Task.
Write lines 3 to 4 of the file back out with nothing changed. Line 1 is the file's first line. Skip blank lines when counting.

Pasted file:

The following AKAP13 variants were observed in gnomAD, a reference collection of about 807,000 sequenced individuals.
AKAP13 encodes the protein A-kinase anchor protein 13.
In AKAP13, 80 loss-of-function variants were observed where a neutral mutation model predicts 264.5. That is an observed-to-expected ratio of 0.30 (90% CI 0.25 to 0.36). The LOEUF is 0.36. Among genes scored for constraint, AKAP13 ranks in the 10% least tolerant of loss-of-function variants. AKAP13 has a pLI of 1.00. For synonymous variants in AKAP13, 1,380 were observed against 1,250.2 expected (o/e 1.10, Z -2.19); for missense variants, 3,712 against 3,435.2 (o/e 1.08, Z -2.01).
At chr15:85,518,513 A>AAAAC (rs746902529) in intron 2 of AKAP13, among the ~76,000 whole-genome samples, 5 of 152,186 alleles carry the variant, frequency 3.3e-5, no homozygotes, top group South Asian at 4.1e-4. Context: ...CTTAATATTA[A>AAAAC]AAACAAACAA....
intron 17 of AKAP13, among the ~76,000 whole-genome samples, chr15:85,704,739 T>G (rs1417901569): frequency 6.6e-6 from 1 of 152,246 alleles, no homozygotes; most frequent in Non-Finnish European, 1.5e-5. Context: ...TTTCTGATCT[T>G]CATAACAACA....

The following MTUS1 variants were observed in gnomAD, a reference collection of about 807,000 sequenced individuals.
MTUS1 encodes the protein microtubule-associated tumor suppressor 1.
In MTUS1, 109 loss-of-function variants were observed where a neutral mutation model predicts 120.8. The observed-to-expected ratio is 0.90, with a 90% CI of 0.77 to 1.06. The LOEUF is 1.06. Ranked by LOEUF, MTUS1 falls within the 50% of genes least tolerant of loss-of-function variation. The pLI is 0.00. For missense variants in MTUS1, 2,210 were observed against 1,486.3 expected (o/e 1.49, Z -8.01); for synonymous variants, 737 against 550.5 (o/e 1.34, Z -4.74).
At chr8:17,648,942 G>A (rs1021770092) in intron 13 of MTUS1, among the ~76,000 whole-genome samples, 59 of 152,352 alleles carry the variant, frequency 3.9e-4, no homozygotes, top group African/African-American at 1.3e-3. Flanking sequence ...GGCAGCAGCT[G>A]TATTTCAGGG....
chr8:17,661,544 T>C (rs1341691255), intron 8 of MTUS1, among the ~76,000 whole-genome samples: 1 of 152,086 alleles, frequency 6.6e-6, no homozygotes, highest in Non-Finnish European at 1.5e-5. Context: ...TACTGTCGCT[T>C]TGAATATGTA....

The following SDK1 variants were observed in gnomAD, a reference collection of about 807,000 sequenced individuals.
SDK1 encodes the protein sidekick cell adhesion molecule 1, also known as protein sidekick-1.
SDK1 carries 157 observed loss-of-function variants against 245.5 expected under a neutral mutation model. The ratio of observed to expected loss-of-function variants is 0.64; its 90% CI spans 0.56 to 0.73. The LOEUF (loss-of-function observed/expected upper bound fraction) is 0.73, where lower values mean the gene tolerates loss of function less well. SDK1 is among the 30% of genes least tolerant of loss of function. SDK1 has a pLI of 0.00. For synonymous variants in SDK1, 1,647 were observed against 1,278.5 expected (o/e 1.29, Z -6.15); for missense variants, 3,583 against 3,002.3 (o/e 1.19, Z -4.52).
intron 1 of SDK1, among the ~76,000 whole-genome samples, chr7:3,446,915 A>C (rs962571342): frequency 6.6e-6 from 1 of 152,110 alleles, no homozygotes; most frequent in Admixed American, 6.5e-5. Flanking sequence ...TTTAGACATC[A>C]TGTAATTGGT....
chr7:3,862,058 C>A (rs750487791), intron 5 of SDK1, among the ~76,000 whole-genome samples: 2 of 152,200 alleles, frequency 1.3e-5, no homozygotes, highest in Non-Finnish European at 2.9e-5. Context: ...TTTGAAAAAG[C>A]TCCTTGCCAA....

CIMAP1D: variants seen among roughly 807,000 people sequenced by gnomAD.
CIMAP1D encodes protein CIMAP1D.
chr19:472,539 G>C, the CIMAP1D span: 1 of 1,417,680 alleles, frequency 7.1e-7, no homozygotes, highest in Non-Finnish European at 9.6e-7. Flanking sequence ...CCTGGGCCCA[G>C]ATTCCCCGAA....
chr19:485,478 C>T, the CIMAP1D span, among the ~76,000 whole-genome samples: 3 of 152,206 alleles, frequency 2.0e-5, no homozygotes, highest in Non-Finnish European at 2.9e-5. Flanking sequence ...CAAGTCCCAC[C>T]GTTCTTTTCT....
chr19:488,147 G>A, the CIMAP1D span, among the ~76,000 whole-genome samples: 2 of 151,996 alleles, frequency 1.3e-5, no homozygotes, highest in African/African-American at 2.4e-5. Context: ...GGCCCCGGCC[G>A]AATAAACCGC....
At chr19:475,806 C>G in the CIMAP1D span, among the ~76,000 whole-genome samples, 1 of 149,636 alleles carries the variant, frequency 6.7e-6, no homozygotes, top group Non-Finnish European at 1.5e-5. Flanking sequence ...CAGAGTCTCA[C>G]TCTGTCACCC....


In AKAP13, 80 loss-of-function variants were observed where a neutral mutation model predicts 264.5. That is an observed-to-expected ratio of 0.30 (90% CI 0.25 to 0.36). The LOEUF is 0.36. Among genes scored for constraint, AKAP13 ranks in the 10% least tolerant of loss-of-function variants. AKAP13 has a pLI of 1.00. For synonymous variants in AKAP13, 1,380 were observed against 1,250.2 expected (o/e 1.10, Z -2.19); for missense variants, 3,712 against 3,435.2 (o/e 1.08, Z -2.01).
At chr15:85,518,513 A>AAAAC (rs746902529) in intron 2 of AKAP13, among the ~76,000 whole-genome samples, 5 of 152,186 alleles carry the variant, frequency 3.3e-5, no homozygotes, top group South Asian at 4.1e-4. Context: ...CTTAATATTA[A>AAAAC]AAACAAACAA....